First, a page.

- Current oral bisphosphonates (BPs) use was associated with higher mortality risk after non-hip major osteoporotic fracture (MOF) and lower mortality risk after hip fracture.
- The risk for mortality was reduced in patients with non-hip MOF and hip fracture with 1 and 5 years of follow-up and risk reduction was greater within the first year.
Why this matters
- Future studies should evaluate the association between BPs use and mortality risk after fracture to explain alternative mechanisms of potential pleiotropic effects of BPs and potential unmeasured distortion.
- Population-based cohort study included 163,273 patients with an MOF (aged ≥50 years) using the UK Clinical Practice Research Datalink (CPRD).
- Risk of all-cause mortality was compared between current (0-6 months), recent (7-12 months) and past (>1 year) BPs use after non-hip MOF and hip fracture.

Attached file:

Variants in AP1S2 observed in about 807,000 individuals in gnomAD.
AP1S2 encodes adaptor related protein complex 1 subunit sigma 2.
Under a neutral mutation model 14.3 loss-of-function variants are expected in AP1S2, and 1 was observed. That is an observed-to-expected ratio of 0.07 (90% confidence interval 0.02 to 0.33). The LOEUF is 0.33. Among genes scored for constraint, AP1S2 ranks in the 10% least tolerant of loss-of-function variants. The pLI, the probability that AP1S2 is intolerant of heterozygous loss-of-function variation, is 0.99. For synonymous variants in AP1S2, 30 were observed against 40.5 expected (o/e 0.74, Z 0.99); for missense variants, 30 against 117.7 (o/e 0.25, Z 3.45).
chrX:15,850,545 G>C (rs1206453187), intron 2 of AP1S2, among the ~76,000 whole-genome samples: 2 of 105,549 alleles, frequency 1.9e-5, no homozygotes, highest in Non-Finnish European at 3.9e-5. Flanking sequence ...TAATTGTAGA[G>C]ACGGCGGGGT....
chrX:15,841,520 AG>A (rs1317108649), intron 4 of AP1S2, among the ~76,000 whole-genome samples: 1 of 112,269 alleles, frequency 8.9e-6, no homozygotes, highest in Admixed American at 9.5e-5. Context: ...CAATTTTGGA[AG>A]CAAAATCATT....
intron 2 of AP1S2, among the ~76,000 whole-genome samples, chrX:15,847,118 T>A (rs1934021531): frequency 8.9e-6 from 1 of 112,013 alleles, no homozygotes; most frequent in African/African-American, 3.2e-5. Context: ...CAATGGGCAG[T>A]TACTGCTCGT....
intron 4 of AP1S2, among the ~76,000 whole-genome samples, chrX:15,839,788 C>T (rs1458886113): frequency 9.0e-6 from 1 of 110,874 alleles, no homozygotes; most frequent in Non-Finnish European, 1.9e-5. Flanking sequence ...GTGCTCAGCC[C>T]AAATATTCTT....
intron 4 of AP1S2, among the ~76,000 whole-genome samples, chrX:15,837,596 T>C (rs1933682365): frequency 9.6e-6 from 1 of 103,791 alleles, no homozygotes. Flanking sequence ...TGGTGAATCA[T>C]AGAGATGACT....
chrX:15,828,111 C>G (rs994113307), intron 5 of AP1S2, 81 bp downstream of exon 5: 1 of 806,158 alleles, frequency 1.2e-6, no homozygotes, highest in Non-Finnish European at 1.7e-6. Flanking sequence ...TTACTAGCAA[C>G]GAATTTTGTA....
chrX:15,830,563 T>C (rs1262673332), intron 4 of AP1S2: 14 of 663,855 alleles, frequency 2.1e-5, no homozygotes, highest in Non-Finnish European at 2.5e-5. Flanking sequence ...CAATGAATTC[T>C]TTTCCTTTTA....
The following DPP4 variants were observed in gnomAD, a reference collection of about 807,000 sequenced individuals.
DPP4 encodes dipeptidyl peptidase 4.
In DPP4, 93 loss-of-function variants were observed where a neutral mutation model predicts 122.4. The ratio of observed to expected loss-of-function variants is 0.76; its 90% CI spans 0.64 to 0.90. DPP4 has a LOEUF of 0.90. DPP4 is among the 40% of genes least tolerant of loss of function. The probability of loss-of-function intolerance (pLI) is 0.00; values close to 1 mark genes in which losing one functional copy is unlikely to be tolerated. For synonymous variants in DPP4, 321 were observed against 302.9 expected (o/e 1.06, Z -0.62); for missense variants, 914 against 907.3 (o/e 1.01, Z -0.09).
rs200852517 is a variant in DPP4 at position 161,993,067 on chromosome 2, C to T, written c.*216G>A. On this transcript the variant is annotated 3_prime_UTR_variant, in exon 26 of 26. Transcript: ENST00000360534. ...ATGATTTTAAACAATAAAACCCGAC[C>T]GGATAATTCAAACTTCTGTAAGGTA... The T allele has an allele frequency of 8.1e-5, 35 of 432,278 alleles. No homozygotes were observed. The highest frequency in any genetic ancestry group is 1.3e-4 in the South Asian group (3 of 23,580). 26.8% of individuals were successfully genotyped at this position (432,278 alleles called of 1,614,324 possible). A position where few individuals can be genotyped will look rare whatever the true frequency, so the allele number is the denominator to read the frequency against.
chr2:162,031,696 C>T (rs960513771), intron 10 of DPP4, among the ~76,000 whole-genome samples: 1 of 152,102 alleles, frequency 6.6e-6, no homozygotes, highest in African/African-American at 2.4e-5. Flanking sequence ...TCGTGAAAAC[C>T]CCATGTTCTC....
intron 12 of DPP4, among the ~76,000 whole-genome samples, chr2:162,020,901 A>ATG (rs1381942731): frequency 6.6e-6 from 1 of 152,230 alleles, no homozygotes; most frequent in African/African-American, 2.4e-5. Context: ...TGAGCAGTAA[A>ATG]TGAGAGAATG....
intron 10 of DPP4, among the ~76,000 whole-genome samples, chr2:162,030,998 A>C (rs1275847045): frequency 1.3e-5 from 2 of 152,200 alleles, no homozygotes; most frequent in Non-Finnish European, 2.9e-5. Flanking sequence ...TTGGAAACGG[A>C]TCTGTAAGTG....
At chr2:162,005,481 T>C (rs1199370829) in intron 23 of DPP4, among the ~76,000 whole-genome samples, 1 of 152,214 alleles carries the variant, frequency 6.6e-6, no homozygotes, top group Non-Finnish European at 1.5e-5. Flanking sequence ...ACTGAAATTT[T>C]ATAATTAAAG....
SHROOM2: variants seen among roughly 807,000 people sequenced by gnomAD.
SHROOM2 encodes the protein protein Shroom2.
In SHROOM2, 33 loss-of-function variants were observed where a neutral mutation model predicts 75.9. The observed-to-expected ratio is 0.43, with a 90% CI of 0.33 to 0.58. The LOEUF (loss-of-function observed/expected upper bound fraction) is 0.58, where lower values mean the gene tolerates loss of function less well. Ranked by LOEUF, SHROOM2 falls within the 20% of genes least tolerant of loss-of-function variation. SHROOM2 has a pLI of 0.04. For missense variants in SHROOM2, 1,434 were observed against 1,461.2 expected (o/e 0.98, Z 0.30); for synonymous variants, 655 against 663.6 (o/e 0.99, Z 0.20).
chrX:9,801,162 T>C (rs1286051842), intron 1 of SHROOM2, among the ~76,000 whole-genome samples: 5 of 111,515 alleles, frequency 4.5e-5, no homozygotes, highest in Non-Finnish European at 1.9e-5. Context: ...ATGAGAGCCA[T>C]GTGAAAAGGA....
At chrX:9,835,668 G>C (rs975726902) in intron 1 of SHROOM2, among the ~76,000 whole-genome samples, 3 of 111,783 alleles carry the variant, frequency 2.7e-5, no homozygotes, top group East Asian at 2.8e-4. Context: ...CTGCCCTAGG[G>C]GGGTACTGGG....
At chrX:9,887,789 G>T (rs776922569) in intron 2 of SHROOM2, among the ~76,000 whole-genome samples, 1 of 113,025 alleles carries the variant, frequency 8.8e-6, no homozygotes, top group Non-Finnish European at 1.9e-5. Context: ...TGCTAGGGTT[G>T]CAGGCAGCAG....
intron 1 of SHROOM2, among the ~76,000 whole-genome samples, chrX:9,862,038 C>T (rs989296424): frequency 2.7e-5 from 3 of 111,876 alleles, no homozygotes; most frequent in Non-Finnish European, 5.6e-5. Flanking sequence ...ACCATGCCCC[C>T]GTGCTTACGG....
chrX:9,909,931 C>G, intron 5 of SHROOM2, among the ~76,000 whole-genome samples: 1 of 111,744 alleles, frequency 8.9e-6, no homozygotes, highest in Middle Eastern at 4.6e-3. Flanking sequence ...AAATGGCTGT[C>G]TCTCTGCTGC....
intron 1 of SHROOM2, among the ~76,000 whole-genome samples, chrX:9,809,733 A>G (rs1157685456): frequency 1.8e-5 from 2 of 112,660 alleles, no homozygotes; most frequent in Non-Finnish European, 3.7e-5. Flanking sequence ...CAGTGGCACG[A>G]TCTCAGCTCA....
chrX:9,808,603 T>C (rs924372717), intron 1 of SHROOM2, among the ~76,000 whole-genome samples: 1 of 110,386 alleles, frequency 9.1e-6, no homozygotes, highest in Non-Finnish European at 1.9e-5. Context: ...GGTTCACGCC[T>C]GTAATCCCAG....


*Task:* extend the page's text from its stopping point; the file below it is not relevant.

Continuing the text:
- Funding: None.
- Of 163,273 patients, 119,107 (72.9%) had non-hip MOF and 44,166 (27.1%) had hip fractures.
- Current BP use vs no use was associated with higher all-cause mortality risk in non-hip MOF (adjusted HR [aHR], 1.07; 95% CI, 1.03-1.10) and lower all-cause mortality risk in hip fracture group (aHR, 0.72; 95% CI, 0.70-0.75).
- Past BP use vs no use was associated with lower risk for all-cause mortality in non-hip MOF (aHR, 0.86; 95% CI, 0.83-0.90) and hip fracture (aHR, 0.58; 95% CI, 0.55-0.62) group.
- During 5-year analysis, current BP use vs no use was linked to lower mortality risk after non-hip MOF (aHR, 0.91; 95% CI, 0.87-0.95) and hip fracture (aHR, 0.61; 95% CI, 0.59-0.64).
- During the 1-year analysis, risk reduction was greater in non-hip MOF (aHR, 0.66; 95% CI, 0.60-0.72) and hip fracture (aHR, 0.41; 95% CI, 0.37-0.44) group with current BP use.
- Women vs men were at lower risk for all-cause mortality.
- Study did not exclude participants who died shortly after having a fracture.